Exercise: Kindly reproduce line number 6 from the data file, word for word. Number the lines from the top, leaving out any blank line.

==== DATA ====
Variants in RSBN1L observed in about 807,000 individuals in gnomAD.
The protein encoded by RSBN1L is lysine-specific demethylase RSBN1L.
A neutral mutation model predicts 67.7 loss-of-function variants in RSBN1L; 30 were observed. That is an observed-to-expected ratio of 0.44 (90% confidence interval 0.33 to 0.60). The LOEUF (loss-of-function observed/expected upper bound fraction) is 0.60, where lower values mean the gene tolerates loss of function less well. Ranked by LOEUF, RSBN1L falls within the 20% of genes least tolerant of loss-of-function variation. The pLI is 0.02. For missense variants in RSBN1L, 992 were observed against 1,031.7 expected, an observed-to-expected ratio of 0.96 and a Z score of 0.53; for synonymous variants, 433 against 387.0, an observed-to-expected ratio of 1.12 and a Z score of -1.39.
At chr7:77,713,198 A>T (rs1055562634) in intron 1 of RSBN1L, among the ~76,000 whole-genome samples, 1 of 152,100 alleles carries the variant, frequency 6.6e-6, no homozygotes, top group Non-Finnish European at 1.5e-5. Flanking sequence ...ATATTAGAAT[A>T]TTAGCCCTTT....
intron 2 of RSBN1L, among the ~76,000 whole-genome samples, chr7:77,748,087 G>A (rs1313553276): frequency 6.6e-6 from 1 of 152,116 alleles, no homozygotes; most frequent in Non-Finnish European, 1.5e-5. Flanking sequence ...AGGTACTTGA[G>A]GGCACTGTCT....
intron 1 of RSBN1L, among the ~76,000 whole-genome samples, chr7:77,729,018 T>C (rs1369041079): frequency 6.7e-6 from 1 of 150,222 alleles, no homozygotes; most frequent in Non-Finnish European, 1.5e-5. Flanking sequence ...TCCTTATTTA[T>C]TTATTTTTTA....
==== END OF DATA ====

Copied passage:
intron 1 of RSBN1L, among the ~76,000 whole-genome samples, chr7:77,729,018 T>C (rs1369041079): frequency 6.7e-6 from 1 of 150,222 alleles, no homozygotes; most frequent in Non-Finnish European, 1.5e-5. Flanking sequence ...TCCTTATTTA[T>C]TTATTTTTTA....